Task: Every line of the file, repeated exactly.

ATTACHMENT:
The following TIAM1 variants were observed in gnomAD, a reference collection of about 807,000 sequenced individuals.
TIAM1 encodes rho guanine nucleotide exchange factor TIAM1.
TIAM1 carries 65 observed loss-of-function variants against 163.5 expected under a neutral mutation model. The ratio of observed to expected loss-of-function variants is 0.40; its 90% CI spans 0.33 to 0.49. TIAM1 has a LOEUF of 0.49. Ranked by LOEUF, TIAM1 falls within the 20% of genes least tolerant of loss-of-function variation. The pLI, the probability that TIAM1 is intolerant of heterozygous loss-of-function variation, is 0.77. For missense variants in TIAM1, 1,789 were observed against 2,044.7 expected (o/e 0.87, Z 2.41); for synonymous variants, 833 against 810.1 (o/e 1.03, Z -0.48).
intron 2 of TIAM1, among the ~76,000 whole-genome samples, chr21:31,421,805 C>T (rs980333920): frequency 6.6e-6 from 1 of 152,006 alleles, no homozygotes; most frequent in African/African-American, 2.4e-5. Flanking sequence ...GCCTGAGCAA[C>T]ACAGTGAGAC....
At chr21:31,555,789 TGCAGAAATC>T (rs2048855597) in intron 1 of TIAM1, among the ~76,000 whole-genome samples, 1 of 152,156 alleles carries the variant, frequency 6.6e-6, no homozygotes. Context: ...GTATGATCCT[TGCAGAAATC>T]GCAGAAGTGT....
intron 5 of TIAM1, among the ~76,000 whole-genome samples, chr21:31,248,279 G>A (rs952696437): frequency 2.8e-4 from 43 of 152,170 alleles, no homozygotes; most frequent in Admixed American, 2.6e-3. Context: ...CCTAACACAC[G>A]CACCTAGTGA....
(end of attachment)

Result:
The following TIAM1 variants were observed in gnomAD, a reference collection of about 807,000 sequenced individuals.
TIAM1 encodes rho guanine nucleotide exchange factor TIAM1.
TIAM1 carries 65 observed loss-of-function variants against 163.5 expected under a neutral mutation model. The ratio of observed to expected loss-of-function variants is 0.40; its 90% CI spans 0.33 to 0.49. TIAM1 has a LOEUF of 0.49. Ranked by LOEUF, TIAM1 falls within the 20% of genes least tolerant of loss-of-function variation. The pLI, the probability that TIAM1 is intolerant of heterozygous loss-of-function variation, is 0.77. For missense variants in TIAM1, 1,789 were observed against 2,044.7 expected (o/e 0.87, Z 2.41); for synonymous variants, 833 against 810.1 (o/e 1.03, Z -0.48).
intron 2 of TIAM1, among the ~76,000 whole-genome samples, chr21:31,421,805 C>T (rs980333920): frequency 6.6e-6 from 1 of 152,006 alleles, no homozygotes; most frequent in African/African-American, 2.4e-5. Flanking sequence ...GCCTGAGCAA[C>T]ACAGTGAGAC....
At chr21:31,555,789 TGCAGAAATC>T (rs2048855597) in intron 1 of TIAM1, among the ~76,000 whole-genome samples, 1 of 152,156 alleles carries the variant, frequency 6.6e-6, no homozygotes. Context: ...GTATGATCCT[TGCAGAAATC>T]GCAGAAGTGT....
intron 5 of TIAM1, among the ~76,000 whole-genome samples, chr21:31,248,279 G>A (rs952696437): frequency 2.8e-4 from 43 of 152,170 alleles, no homozygotes; most frequent in Admixed American, 2.6e-3. Context: ...CCTAACACAC[G>A]CACCTAGTGA....